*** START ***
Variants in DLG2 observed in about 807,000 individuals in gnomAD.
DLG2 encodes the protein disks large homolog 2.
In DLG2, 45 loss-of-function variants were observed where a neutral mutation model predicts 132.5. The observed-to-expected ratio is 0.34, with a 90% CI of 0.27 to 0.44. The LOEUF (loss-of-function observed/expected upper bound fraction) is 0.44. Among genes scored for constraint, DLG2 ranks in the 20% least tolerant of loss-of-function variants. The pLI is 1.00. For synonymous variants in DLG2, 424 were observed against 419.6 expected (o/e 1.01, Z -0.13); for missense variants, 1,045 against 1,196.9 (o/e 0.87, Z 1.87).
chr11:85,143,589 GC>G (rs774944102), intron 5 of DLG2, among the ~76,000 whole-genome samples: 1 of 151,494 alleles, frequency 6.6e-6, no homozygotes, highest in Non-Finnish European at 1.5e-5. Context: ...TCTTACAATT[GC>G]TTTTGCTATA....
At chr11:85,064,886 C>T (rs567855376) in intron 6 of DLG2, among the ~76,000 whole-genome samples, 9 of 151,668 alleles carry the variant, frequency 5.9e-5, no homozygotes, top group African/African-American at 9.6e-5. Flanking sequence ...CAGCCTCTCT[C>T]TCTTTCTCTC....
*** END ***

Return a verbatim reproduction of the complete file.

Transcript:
Variants in DLG2 observed in about 807,000 individuals in gnomAD.
DLG2 encodes the protein disks large homolog 2.
In DLG2, 45 loss-of-function variants were observed where a neutral mutation model predicts 132.5. The observed-to-expected ratio is 0.34, with a 90% CI of 0.27 to 0.44. The LOEUF (loss-of-function observed/expected upper bound fraction) is 0.44. Among genes scored for constraint, DLG2 ranks in the 20% least tolerant of loss-of-function variants. The pLI is 1.00. For synonymous variants in DLG2, 424 were observed against 419.6 expected (o/e 1.01, Z -0.13); for missense variants, 1,045 against 1,196.9 (o/e 0.87, Z 1.87).
chr11:85,143,589 GC>G (rs774944102), intron 5 of DLG2, among the ~76,000 whole-genome samples: 1 of 151,494 alleles, frequency 6.6e-6, no homozygotes, highest in Non-Finnish European at 1.5e-5. Context: ...TCTTACAATT[GC>G]TTTTGCTATA....
At chr11:85,064,886 C>T (rs567855376) in intron 6 of DLG2, among the ~76,000 whole-genome samples, 9 of 151,668 alleles carry the variant, frequency 5.9e-5, no homozygotes, top group African/African-American at 9.6e-5. Flanking sequence ...CAGCCTCTCT[C>T]TCTTTCTCTC....